Hall 13 is missing a significant amount of land mass with the absense of Cisco. So what's the deal? Did the company, as one Juniper Networks Inc. (NYSE: JNPR) staffer suggested, "forget about CeBIT this year"?
Not so, says Cisco. It's here on some partner stands and is, instead, holding a Cisco Expo in Berlin in May. "We feel we get more value from that type of activity," says a spokesman.
Nortel has the same view. It is here with partners and has a stand with its joint venture partner LG Electronics Inc. (London: LGLD; Korea: 6657.KS) but is reviewing the way it looks at "live brand communications," says a member of the vendor's events team, and later this year will do its own expo event in Germany.
Meanwhile, competitors like Juniper are surprised and delighted in equal measure, as this is still a major event in the European telecom and major enterprise calendar. So what else is new? Here's a rundown of some news snips.
Today the French firm announced some new residential gateway features and DECT phone products, and enhancements to its IPTV middleware platform, Smartvision. The firm is a major player in the emerging home gateway segment and has developed a home hub with BT Group plc (NYSE: BT; London: BTA). (See BT Gets a Gateway and Home Gateway Group Puts on Specs.)
But can Thomson deliver to the Home Gateway Initiative (HGI) 's target of a product at just €70 per unit? (See Telcos, Vendors Battle Over Gateway.)
Yes, says Bruno Fabre, CEO of Thomson Telecom, though it will take some time before any company can deliver to the full expectations of the carrier-led HGI, which is still formulating its specifications.
Thomson also today unveiled a new line of IP set-top boxes, the IP2000 series, that incorporates support for MPEG-4 Part 10, the new iteration of the compression codec also known as AVC and H.264 that, the IPTV sector believes, will help bring MPEG-4 into mainstream deployment. That's important for service providers, as MPEG-4 allows about twice as many streams of standard definition video to be delivered across a broadband connection as the widely deployed MPEG-2 standard.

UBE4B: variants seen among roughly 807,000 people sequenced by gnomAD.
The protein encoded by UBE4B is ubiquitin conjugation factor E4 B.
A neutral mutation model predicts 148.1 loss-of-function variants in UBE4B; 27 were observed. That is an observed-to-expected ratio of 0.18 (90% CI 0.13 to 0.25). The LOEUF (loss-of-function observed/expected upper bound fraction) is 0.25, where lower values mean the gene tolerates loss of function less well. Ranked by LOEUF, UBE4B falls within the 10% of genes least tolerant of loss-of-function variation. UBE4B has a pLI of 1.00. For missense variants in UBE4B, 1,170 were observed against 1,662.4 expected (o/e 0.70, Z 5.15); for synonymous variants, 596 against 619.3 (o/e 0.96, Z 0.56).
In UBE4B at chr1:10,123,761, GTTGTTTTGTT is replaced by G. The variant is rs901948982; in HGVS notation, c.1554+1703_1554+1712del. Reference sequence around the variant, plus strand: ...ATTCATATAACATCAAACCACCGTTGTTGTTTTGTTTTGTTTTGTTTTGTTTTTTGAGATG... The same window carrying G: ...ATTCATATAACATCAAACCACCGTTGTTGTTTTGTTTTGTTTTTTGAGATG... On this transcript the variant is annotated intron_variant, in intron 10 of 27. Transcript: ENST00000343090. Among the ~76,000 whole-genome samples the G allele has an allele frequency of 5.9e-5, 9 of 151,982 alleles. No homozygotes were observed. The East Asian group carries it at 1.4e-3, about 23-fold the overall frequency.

The IP2000 series also supports high definition (HD), and, importantly, is based on system-on-a-chip technology that reduces the unit cost of the set-top boxes, an important breakthrough for MPEG-4 and HD-capable products. Thomson uses ST17000 silicon from STMicroelectronics NV (NYSE: STM) for its system-on-a-chip design.
Fabre says this is Thomson's first system-on-a-chip MPEG-4 Part 10 IP set-top device (SOSMPFPTSTD) and that the unit cost is much lower now than before, though he wouldn't commit to any specific numbers. It will be commercially available in July.
Other CeBIT news today includes:
- Transmode Adds Transponder
- Nokia Showcases Convergence
- Keymile, Conklin Demo IPTV
- Siemens Shows Off Mobile TV
- Vistream Touts FMC